The domain means the values of #x# that make the equation untrue. So, we need to find the values that #x# **cannot** equal.

For square root functions, #x# cannot be a negative number. #sqrt(-x)# would give us #isqrt(x)#, where #i# stands for imaginary number. We cannot represent #i# on graphs or within our domains. So, #x# must be larger than #0#.

Can it *equal* #0# though? Well, let's change the square root to an exponential: #sqrt0 = 0^(1/2)#. Now we have the "Zero Power Rule", which means #0#, raised to any power, equals one. Thus, #sqrt0=1#. Ad one is within our rule of "must be greater than 0"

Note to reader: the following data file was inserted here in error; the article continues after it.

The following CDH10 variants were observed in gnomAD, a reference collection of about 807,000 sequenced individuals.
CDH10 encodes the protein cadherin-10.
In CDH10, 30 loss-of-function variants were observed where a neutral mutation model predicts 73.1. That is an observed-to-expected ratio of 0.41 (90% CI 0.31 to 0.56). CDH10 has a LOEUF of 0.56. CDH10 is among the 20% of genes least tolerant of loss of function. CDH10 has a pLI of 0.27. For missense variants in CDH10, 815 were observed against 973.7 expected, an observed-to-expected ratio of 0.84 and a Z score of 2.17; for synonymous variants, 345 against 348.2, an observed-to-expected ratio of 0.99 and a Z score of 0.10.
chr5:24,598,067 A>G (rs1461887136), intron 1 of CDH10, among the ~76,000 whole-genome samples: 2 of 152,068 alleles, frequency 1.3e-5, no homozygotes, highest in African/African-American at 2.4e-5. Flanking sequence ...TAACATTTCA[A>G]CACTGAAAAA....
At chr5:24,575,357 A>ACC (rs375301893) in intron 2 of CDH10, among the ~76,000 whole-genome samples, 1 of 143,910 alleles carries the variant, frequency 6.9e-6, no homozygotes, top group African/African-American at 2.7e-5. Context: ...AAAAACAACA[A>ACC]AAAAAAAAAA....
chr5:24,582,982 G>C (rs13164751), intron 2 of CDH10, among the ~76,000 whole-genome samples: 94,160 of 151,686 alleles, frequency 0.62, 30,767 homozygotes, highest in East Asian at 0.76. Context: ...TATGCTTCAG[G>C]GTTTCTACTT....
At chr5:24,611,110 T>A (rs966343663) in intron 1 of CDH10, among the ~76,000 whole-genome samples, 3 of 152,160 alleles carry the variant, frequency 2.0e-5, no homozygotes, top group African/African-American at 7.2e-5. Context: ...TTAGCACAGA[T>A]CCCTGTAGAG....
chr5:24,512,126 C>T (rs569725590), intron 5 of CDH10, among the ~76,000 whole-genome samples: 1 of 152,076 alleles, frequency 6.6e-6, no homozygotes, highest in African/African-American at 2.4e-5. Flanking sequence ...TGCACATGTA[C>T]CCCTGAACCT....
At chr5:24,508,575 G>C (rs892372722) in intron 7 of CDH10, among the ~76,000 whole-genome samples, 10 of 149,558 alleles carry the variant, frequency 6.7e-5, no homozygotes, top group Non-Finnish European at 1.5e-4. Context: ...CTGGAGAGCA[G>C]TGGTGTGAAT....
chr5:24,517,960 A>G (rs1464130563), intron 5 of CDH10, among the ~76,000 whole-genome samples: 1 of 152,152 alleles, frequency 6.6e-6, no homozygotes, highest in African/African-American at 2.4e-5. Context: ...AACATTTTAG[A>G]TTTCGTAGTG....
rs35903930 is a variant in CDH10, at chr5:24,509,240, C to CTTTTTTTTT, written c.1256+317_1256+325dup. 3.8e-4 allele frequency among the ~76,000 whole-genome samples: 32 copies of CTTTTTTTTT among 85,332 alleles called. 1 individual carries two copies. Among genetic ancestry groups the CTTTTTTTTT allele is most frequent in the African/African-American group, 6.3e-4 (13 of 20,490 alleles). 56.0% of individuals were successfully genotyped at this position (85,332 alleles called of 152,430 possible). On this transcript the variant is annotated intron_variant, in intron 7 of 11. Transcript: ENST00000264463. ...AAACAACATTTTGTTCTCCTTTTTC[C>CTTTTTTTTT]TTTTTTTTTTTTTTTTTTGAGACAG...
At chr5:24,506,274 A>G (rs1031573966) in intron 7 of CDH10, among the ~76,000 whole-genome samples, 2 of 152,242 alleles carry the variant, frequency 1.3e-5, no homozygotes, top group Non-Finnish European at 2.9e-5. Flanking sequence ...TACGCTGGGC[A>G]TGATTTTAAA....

So, #x# can never bring the equation to take a square root of a negative number. So let's see what it would take to make the equation equal zero, and make that the edge of our domain!

To find the value of #x# the makes the expression equal to zero, let's set the problem equal to #0# and solve for #x#:

#0= sqrt(7x+35)#

*square both sides*

#0^2 = cancelcolor(black)(sqrt(7x+35)^cancel(2)#

#0=7x+35#

*subtract #35# on both sides*

#-35=7x#

*divide by #7# on both sides*

#-35/7 = x#

#-5 = x#

So, if #x# equals #-5#, our expression becomes #sqrt0#. That is the limit of our domain. Any smaller numbers than #-5# would give us a square root of a negative number.